- OXFORD UNIV PRESS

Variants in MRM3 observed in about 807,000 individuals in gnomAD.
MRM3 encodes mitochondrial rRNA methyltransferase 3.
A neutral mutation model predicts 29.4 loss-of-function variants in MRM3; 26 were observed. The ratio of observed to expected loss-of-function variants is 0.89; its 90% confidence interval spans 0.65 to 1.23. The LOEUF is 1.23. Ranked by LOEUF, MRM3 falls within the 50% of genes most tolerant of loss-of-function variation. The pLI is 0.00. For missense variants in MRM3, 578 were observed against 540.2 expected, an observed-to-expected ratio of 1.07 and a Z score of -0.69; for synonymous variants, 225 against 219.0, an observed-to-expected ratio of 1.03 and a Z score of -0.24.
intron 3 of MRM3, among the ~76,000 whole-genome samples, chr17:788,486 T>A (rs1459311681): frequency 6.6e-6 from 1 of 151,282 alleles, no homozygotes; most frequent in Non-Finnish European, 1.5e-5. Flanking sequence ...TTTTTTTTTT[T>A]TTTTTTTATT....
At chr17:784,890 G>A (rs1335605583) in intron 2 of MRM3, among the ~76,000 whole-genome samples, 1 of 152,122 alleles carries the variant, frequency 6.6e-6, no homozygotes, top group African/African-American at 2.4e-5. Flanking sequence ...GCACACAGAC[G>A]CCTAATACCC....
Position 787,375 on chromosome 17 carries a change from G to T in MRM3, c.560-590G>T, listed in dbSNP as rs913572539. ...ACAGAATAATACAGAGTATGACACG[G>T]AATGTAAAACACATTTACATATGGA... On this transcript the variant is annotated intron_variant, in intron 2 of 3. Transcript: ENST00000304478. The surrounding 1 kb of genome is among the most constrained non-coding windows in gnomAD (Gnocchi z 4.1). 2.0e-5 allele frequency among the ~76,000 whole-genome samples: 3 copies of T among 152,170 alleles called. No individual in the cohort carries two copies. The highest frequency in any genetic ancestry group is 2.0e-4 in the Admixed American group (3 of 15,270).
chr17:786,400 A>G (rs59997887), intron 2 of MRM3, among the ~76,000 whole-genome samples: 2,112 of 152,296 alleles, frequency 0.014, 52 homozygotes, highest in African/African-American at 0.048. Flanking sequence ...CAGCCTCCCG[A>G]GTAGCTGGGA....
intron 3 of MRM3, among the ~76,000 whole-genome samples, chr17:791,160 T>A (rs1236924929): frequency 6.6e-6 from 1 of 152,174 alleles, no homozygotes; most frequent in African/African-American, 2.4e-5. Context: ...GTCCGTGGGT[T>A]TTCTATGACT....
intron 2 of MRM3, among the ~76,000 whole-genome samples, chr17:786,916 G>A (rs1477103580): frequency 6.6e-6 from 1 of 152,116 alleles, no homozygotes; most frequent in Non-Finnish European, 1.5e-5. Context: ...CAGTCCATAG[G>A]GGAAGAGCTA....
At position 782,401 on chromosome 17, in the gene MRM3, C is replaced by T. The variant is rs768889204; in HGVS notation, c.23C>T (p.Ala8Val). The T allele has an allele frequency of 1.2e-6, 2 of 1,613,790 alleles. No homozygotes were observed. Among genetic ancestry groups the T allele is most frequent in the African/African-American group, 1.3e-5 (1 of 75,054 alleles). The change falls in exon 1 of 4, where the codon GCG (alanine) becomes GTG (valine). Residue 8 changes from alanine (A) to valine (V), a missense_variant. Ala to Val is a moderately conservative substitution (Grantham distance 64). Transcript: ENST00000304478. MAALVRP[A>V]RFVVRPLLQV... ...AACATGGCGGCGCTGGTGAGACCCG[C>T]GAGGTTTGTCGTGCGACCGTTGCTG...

Light regulation of photosystem I (PSI) biogenesis was studied in a unicellular green alga, Chlamydomonas reinhardtii. When Chlamydomonas cells were transferred from darkness to the light, mRNAs for both nuclear- and chloroplast-en coded PSI subunits were induced in concert. This light induction was inhibited by photosynthetic electron transport (PET) inhibitors, 3-(3,4 dichlorophenyl)1,1-dimethylurea and 2,5-dibromo-3-methyl-6 isopropyl-p-benzoquinone, but not by an uncoupler, carbonyl cyanide m-chlorophenylhydrazone. This indicated that PET plays a pivotal role in the light induction of PSI subunit mRNAs, but that photophosphorylation is not necessary. When we irradiated the Chlamydomonas cells with PSI-light (695 nm) or PSII-light (644 nm), which makes the plastoquinone pool oxidative and reductive, respectively, PSI-light caused the accumulation of PSI proteins more abundantly than did PSII-light. However, there was no difference for the PSI subunit mRNA levels between these light sources. From these results, we conclude that PET plays dual roles in the regulation of PSI biogenesis in Chlamydomonas: when cells are illuminated, PET first induces the PSI subunit mPNAs irrespective of the redox state of the intersystem electron carriers, and then their redox state fine-tunes PSI biogenesis at translational and/or post-translational steps to fulfil the chromatic adaptation.
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